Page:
Replicating the complex structures and intricate chemistries found in nature can be challenging and may require novel methods and manufacturing techniques to create micro and nanostructures with the necessary precision. Continuous research and development are imperative to overcome these limitations.

Researchers can explore 3D printing and other advanced fabrication techniques to create biomimetic structures with greater accuracy and efficiency.1, 9 Moreover, combining bio-inspired adhesives with other functional materials to create intelligent adhesives that can respond to their environment or external stimuli could be the next step toward the future of bio-inspired adhesive technologies.

More from AZoM: Harnessing Microfluidic Technology for Heavy Metal Analysis

References and Further Reading

  1. Creton, C., Papon, E. (2003). Materials science of adhesives: How to bond things together. MRS Bulletin. doi.org/10.1557/mrs2003.121
  2. Linghu, C., et al. (2024). Fibrillar adhesives with unprecedented adhesion strength, switchability and scalability. National Science Review. doi.org/10.1093/nsr/nwae106
  3. Mahdavi, A., et al. (2008). A biodegradable and biocompatible gecko-inspired tissue adhesive. Proceedings of the National Academy of Sciences. doi.org/10.1073/pnas.0712117105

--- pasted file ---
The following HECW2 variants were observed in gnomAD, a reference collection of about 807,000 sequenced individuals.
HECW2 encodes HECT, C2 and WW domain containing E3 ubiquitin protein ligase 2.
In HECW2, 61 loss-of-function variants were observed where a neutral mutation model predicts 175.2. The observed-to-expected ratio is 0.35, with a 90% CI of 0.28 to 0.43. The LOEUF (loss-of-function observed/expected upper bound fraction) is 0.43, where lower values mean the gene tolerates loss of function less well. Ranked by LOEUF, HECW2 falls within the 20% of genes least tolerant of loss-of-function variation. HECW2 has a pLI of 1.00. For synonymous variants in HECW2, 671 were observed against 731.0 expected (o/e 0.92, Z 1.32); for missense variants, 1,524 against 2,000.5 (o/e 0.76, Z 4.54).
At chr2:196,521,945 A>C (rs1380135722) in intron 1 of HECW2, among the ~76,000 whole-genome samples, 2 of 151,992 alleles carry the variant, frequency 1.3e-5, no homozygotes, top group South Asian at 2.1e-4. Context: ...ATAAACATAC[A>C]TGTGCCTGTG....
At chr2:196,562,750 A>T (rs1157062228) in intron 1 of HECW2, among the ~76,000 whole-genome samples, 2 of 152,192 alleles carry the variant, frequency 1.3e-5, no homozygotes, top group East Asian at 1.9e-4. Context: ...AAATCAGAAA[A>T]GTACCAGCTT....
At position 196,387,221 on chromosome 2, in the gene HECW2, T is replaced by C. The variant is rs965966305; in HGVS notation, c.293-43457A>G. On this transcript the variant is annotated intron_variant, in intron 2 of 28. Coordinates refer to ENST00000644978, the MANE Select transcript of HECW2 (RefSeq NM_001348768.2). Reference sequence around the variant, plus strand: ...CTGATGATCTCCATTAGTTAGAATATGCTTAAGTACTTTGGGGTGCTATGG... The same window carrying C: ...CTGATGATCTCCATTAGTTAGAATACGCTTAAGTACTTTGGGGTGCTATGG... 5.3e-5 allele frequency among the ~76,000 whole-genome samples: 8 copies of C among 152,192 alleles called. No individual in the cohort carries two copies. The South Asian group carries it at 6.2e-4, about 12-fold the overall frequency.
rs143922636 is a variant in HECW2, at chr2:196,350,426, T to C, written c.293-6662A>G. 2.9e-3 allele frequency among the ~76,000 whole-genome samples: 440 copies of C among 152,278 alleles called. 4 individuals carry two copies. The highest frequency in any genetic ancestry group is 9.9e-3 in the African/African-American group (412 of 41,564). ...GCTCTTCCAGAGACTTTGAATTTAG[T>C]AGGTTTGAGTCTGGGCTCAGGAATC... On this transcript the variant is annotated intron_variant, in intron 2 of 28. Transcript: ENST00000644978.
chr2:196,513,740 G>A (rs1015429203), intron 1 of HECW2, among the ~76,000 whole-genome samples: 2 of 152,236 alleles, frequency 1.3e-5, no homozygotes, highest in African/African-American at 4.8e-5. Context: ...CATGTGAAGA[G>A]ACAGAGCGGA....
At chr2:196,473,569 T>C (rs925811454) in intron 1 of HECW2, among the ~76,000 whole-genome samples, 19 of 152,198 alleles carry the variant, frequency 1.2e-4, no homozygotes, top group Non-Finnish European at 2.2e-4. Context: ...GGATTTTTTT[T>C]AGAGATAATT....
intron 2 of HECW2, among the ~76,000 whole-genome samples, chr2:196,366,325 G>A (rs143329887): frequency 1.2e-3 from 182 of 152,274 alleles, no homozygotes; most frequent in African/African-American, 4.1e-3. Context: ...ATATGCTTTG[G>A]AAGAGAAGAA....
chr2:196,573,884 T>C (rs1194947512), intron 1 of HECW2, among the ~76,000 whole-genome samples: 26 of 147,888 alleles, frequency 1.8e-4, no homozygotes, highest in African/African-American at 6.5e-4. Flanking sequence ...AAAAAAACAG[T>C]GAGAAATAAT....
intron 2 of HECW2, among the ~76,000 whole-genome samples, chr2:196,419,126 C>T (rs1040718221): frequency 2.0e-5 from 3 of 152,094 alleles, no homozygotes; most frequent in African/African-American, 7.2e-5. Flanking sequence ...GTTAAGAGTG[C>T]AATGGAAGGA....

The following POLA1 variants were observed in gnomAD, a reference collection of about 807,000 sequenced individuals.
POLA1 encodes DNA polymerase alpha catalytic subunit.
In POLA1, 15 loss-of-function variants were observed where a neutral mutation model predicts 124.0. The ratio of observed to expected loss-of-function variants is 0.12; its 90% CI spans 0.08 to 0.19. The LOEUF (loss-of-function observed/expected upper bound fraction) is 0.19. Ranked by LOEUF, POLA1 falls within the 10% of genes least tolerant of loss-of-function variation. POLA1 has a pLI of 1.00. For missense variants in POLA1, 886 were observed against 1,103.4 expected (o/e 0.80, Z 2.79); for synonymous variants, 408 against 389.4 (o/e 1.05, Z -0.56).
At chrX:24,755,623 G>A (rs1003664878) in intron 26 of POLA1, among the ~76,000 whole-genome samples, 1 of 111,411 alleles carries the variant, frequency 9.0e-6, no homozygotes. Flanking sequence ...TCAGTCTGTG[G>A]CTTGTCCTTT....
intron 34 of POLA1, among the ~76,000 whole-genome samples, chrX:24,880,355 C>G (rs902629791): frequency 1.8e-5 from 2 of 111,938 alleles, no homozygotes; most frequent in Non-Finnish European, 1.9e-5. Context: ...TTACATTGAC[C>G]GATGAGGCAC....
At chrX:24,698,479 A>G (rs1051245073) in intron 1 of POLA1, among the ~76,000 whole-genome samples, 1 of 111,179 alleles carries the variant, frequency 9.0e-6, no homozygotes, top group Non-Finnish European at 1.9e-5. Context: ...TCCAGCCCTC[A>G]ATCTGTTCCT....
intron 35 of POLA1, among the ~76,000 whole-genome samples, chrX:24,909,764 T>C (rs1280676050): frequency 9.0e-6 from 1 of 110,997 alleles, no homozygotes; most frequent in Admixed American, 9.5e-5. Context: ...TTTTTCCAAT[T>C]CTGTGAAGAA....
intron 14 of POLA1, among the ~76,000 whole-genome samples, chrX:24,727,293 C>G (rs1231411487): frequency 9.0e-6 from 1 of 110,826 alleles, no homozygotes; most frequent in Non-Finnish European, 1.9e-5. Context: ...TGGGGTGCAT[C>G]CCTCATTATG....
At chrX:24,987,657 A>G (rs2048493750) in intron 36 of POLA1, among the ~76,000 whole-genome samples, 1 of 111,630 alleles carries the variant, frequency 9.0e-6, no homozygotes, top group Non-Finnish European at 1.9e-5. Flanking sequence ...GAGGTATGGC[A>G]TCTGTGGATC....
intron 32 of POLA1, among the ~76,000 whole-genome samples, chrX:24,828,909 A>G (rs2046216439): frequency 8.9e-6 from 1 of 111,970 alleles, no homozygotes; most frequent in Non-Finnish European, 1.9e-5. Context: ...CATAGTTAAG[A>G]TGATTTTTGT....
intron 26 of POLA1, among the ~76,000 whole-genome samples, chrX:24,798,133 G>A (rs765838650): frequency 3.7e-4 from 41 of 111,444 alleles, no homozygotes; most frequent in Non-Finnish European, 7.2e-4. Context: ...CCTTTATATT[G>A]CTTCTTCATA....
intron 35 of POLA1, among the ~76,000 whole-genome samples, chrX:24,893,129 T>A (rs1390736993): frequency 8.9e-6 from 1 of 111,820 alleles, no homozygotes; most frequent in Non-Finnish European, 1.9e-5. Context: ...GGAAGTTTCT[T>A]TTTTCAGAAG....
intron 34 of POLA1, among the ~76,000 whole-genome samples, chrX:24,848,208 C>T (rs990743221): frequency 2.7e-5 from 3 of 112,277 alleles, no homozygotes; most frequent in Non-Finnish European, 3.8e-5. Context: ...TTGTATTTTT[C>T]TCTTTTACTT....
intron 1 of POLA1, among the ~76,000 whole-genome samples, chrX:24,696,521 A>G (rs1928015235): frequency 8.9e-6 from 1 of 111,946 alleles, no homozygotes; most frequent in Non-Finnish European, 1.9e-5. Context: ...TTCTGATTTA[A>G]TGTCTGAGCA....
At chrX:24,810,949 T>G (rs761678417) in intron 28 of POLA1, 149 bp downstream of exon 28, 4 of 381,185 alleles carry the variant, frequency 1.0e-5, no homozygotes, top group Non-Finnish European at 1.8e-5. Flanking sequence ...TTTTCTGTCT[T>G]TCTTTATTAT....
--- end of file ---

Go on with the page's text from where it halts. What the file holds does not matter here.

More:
4. Pandey, N., Soto-Garcia, LF., Liao, J., Zimmern, P., Nguyen, KT., Hong, Y. (2020). Mussel-inspired bioadhesives in healthcare: design parameters, current trends, and future perspectives. Biomaterials science. doi.org/10.1039%2Fc9bm01848d
  5. Iranpour, H., et al. (2021). Self-assembling of chimeric mussel-inspired bio-adhesives originated from Mytilus californianus and Anabaena flos-aquae: a new approach to develop underwater adhesion. International Journal of Adhesion and Adhesives. doi.org/10.1016/j.ijadhadh.2021.102938
  6. Lutz, TM., Kimna, C., Casini, A., Lieleg, O. (2022). Bio-based and bio-inspired adhesives from animals and plants for biomedical applications. Materials Today Bio. doi.org/10.1016/j.mtbio.2022.100203
  7. Guo, Y., et al. (2018). Synergistic adhesion mechanisms of spider capture silk. Journal of the Royal Society Interface. doi.org/10.1098/rsif.2017.0894
  8. Greco, G., Wolff, JO., Pugno, NM. (2020). Strong and tough silk for resilient attachment discs: The mechanical properties of piriform silk in the spider Cupiennius salei (Keyserling, 1877). Frontiers in Materials. doi.org/10.3389/fmats.2020.00138
  9. Dayan, CB., Chun, S., Krishna‐Subbaiah, N., Drotlef, DM., Akolpoglu, MB., Sitti, M. (2021). 3D printing of elastomeric bioinspired complex adhesive microstructures. Advanced Materials. doi.org/10.1002/adma.202103826

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Taha Khan

Written by

Taha Khan

Taha graduated from HITEC University Taxila with a Bachelors in Mechanical Engineering. During his studies, he worked on several research projects related to Mechanics of Materials, Machine Design, Heat and Mass Transfer, and Robotics. After graduating, Taha worked as a Research Executive for 2 years at an IT company (Immentia). He has also worked as a freelance content creator at Lancerhop. In the meantime, Taha did his NEBOSH IGC certification and expanded his career opportunities.